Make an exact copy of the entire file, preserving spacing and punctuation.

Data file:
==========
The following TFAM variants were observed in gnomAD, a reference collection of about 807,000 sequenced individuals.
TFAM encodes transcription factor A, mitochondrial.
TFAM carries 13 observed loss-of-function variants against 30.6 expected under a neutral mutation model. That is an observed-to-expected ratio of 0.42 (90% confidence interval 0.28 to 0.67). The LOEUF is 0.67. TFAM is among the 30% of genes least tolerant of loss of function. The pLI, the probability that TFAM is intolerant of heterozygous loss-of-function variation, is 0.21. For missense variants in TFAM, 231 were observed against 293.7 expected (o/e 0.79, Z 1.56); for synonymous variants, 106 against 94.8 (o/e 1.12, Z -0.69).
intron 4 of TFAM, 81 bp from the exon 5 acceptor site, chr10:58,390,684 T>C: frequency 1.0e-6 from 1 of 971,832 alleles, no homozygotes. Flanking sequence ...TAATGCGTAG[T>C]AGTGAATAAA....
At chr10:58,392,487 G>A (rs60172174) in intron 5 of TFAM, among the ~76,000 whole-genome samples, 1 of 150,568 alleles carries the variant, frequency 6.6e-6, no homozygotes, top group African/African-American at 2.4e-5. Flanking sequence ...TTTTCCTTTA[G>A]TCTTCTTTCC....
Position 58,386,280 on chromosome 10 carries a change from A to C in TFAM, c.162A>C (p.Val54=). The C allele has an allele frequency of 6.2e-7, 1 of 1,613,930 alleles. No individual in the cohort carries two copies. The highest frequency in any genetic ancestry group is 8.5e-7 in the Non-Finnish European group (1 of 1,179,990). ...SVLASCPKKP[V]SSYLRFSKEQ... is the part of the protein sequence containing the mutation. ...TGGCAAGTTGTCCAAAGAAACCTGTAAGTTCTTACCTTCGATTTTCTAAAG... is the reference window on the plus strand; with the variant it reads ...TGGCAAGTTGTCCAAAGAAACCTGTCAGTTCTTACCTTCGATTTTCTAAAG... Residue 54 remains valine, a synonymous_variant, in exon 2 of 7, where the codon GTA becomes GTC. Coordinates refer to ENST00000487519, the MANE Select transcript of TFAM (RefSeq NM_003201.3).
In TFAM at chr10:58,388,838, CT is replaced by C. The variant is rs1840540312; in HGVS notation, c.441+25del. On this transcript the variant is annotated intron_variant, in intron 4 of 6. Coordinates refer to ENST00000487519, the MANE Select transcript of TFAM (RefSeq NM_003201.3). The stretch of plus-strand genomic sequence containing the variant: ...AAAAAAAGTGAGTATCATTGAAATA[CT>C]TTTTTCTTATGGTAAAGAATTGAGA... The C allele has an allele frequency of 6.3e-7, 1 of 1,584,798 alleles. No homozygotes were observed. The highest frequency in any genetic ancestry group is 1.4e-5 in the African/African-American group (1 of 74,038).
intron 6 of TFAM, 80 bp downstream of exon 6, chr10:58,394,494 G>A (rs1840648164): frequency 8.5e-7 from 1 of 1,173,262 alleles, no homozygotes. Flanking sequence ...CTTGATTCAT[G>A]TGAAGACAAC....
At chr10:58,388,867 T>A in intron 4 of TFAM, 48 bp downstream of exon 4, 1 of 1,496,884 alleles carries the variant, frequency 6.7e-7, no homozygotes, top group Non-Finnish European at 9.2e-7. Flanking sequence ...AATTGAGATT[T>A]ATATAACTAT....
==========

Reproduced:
The following TFAM variants were observed in gnomAD, a reference collection of about 807,000 sequenced individuals.
TFAM encodes transcription factor A, mitochondrial.
TFAM carries 13 observed loss-of-function variants against 30.6 expected under a neutral mutation model. That is an observed-to-expected ratio of 0.42 (90% confidence interval 0.28 to 0.67). The LOEUF is 0.67. TFAM is among the 30% of genes least tolerant of loss of function. The pLI, the probability that TFAM is intolerant of heterozygous loss-of-function variation, is 0.21. For missense variants in TFAM, 231 were observed against 293.7 expected (o/e 0.79, Z 1.56); for synonymous variants, 106 against 94.8 (o/e 1.12, Z -0.69).
intron 4 of TFAM, 81 bp from the exon 5 acceptor site, chr10:58,390,684 T>C: frequency 1.0e-6 from 1 of 971,832 alleles, no homozygotes. Flanking sequence ...TAATGCGTAG[T>C]AGTGAATAAA....
At chr10:58,392,487 G>A (rs60172174) in intron 5 of TFAM, among the ~76,000 whole-genome samples, 1 of 150,568 alleles carries the variant, frequency 6.6e-6, no homozygotes, top group African/African-American at 2.4e-5. Flanking sequence ...TTTTCCTTTA[G>A]TCTTCTTTCC....
Position 58,386,280 on chromosome 10 carries a change from A to C in TFAM, c.162A>C (p.Val54=). The C allele has an allele frequency of 6.2e-7, 1 of 1,613,930 alleles. No individual in the cohort carries two copies. The highest frequency in any genetic ancestry group is 8.5e-7 in the Non-Finnish European group (1 of 1,179,990). ...SVLASCPKKP[V]SSYLRFSKEQ... is the part of the protein sequence containing the mutation. ...TGGCAAGTTGTCCAAAGAAACCTGTAAGTTCTTACCTTCGATTTTCTAAAG... is the reference window on the plus strand; with the variant it reads ...TGGCAAGTTGTCCAAAGAAACCTGTCAGTTCTTACCTTCGATTTTCTAAAG... Residue 54 remains valine, a synonymous_variant, in exon 2 of 7, where the codon GTA becomes GTC. Coordinates refer to ENST00000487519, the MANE Select transcript of TFAM (RefSeq NM_003201.3).
In TFAM at chr10:58,388,838, CT is replaced by C. The variant is rs1840540312; in HGVS notation, c.441+25del. On this transcript the variant is annotated intron_variant, in intron 4 of 6. Coordinates refer to ENST00000487519, the MANE Select transcript of TFAM (RefSeq NM_003201.3). The stretch of plus-strand genomic sequence containing the variant: ...AAAAAAAGTGAGTATCATTGAAATA[CT>C]TTTTTCTTATGGTAAAGAATTGAGA... The C allele has an allele frequency of 6.3e-7, 1 of 1,584,798 alleles. No homozygotes were observed. The highest frequency in any genetic ancestry group is 1.4e-5 in the African/African-American group (1 of 74,038).
intron 6 of TFAM, 80 bp downstream of exon 6, chr10:58,394,494 G>A (rs1840648164): frequency 8.5e-7 from 1 of 1,173,262 alleles, no homozygotes. Flanking sequence ...CTTGATTCAT[G>A]TGAAGACAAC....
At chr10:58,388,867 T>A in intron 4 of TFAM, 48 bp downstream of exon 4, 1 of 1,496,884 alleles carries the variant, frequency 6.7e-7, no homozygotes, top group Non-Finnish European at 9.2e-7. Flanking sequence ...AATTGAGATT[T>A]ATATAACTAT....